The Anti-Canon: A Minor Place by Fernando Sdrigotti

The Anti-Canon series is a collection of short essays focusing on writers less well known, positioned outside of the literary mainstream or simply deserving more attention. An alternative (but by no means definitive) list of works that have influenced the writers at Influx Press, offering a different perspective to what is, and what is not, considered ‘important’, and hopefully giving you some new books to read into the bargain…

Roberto Arlt
Roberto Arlt

I

In the prologue to his novel Los lanzallamas Roberto Arlt writes: ‘to have a style it is necessary to have comfort, to live off a rent, to have an easy life’. This was an answer to many contemporary critics who had pointed out that Arlt's prose was arcane and obscure, that he couldn't write. Regardless of the place he now occupies in Argentinean literature, Arlt, born to Prussian/Austro-Hungarian parents in Buenos Aires, arrived to the canon as an outsider. An outsider to the aristocratic club of the Argentine literary establishment. A linguistic outsider.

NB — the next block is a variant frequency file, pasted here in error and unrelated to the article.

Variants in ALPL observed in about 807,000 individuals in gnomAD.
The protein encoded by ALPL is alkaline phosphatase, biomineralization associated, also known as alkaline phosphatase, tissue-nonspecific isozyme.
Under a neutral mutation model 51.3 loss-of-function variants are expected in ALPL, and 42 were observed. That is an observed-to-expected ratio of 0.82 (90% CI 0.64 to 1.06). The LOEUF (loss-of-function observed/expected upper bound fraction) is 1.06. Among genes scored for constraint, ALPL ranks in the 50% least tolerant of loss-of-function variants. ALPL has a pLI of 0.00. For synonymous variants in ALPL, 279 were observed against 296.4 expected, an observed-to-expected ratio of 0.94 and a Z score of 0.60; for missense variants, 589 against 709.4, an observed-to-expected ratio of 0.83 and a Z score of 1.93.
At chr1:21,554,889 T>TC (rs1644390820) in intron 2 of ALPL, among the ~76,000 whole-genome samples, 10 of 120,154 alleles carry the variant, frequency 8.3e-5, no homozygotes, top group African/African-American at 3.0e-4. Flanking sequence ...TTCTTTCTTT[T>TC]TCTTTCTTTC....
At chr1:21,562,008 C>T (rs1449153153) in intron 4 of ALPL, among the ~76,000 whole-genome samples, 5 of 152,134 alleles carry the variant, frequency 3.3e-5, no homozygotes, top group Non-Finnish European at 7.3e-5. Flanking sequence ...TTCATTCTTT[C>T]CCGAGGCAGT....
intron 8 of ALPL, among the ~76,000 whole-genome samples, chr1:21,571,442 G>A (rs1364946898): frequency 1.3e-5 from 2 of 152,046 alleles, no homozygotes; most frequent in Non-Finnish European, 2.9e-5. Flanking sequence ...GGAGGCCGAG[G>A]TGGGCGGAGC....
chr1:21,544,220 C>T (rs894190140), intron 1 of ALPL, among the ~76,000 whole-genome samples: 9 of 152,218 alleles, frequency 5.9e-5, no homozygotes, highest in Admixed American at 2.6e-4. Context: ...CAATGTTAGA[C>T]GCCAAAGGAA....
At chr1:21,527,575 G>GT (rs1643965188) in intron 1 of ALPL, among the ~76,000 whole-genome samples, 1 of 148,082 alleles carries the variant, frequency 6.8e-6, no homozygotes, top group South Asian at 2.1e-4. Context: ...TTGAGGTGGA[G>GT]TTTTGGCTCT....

Spanish, the language in which he wrote, was his third language. It is tempting, then, to draw comparisons with Franz Kakfa, a Czech Jew writing in German. Both were in a sense examples of what Deleuze and Guattari call ‘minor writers‘, linguistic exiles, those never at home in their prose, stuttering and stammering on the page. Yet both went from being outsiders to joining the literary pantheon. From minor to major and across the platform provided by multiple languages. That both died in relative obscurity, regardless of what we consider now to be their importance, provides the biographical element to make this comparison impossible to avoid.